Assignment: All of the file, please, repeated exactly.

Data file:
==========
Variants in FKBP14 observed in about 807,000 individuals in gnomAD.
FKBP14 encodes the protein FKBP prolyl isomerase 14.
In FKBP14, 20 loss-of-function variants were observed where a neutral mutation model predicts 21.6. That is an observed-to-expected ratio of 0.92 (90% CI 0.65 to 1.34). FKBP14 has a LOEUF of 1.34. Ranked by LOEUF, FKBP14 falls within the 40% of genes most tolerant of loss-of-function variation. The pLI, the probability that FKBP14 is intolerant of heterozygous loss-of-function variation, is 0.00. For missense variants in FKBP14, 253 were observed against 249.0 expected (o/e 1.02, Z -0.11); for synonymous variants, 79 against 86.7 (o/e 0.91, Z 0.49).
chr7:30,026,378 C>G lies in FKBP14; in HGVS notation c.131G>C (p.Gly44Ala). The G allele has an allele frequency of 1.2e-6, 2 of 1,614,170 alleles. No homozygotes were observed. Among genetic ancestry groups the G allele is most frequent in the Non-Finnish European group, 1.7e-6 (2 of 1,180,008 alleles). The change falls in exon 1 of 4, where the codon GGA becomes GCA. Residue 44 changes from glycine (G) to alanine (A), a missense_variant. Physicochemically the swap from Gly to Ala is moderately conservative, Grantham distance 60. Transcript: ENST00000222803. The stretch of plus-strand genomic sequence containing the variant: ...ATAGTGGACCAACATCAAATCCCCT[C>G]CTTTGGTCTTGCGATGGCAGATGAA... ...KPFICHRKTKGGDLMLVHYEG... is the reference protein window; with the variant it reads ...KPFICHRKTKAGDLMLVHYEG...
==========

Variants in FKBP14 observed in about 807,000 individuals in gnomAD.
FKBP14 encodes the protein FKBP prolyl isomerase 14.
In FKBP14, 20 loss-of-function variants were observed where a neutral mutation model predicts 21.6. That is an observed-to-expected ratio of 0.92 (90% CI 0.65 to 1.34). FKBP14 has a LOEUF of 1.34. Ranked by LOEUF, FKBP14 falls within the 40% of genes most tolerant of loss-of-function variation. The pLI, the probability that FKBP14 is intolerant of heterozygous loss-of-function variation, is 0.00. For missense variants in FKBP14, 253 were observed against 249.0 expected (o/e 1.02, Z -0.11); for synonymous variants, 79 against 86.7 (o/e 0.91, Z 0.49).
chr7:30,026,378 C>G lies in FKBP14; in HGVS notation c.131G>C (p.Gly44Ala). The G allele has an allele frequency of 1.2e-6, 2 of 1,614,170 alleles. No homozygotes were observed. Among genetic ancestry groups the G allele is most frequent in the Non-Finnish European group, 1.7e-6 (2 of 1,180,008 alleles). The change falls in exon 1 of 4, where the codon GGA becomes GCA. Residue 44 changes from glycine (G) to alanine (A), a missense_variant. Physicochemically the swap from Gly to Ala is moderately conservative, Grantham distance 60. Transcript: ENST00000222803. The stretch of plus-strand genomic sequence containing the variant: ...ATAGTGGACCAACATCAAATCCCCT[C>G]CTTTGGTCTTGCGATGGCAGATGAA... ...KPFICHRKTKGGDLMLVHYEG... is the reference protein window; with the variant it reads ...KPFICHRKTKAGDLMLVHYEG...